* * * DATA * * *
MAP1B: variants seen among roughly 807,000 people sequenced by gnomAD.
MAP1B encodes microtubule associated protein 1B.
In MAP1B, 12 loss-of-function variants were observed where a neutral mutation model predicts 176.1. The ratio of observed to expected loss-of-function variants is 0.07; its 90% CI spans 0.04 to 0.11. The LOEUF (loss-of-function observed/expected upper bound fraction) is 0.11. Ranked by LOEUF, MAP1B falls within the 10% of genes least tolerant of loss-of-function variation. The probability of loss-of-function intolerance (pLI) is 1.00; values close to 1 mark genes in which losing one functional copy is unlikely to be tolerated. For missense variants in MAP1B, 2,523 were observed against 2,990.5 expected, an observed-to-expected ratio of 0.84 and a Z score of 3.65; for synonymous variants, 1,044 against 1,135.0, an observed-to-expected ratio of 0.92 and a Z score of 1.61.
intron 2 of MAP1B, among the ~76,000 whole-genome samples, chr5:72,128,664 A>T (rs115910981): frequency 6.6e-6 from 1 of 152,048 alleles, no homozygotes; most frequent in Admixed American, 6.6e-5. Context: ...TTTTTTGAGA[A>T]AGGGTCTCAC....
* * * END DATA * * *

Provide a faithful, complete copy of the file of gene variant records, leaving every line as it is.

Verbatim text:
MAP1B: variants seen among roughly 807,000 people sequenced by gnomAD.
MAP1B encodes microtubule associated protein 1B.
In MAP1B, 12 loss-of-function variants were observed where a neutral mutation model predicts 176.1. The ratio of observed to expected loss-of-function variants is 0.07; its 90% CI spans 0.04 to 0.11. The LOEUF (loss-of-function observed/expected upper bound fraction) is 0.11. Ranked by LOEUF, MAP1B falls within the 10% of genes least tolerant of loss-of-function variation. The probability of loss-of-function intolerance (pLI) is 1.00; values close to 1 mark genes in which losing one functional copy is unlikely to be tolerated. For missense variants in MAP1B, 2,523 were observed against 2,990.5 expected, an observed-to-expected ratio of 0.84 and a Z score of 3.65; for synonymous variants, 1,044 against 1,135.0, an observed-to-expected ratio of 0.92 and a Z score of 1.61.
intron 2 of MAP1B, among the ~76,000 whole-genome samples, chr5:72,128,664 A>T (rs115910981): frequency 6.6e-6 from 1 of 152,048 alleles, no homozygotes; most frequent in Admixed American, 6.6e-5. Context: ...TTTTTTGAGA[A>T]AGGGTCTCAC....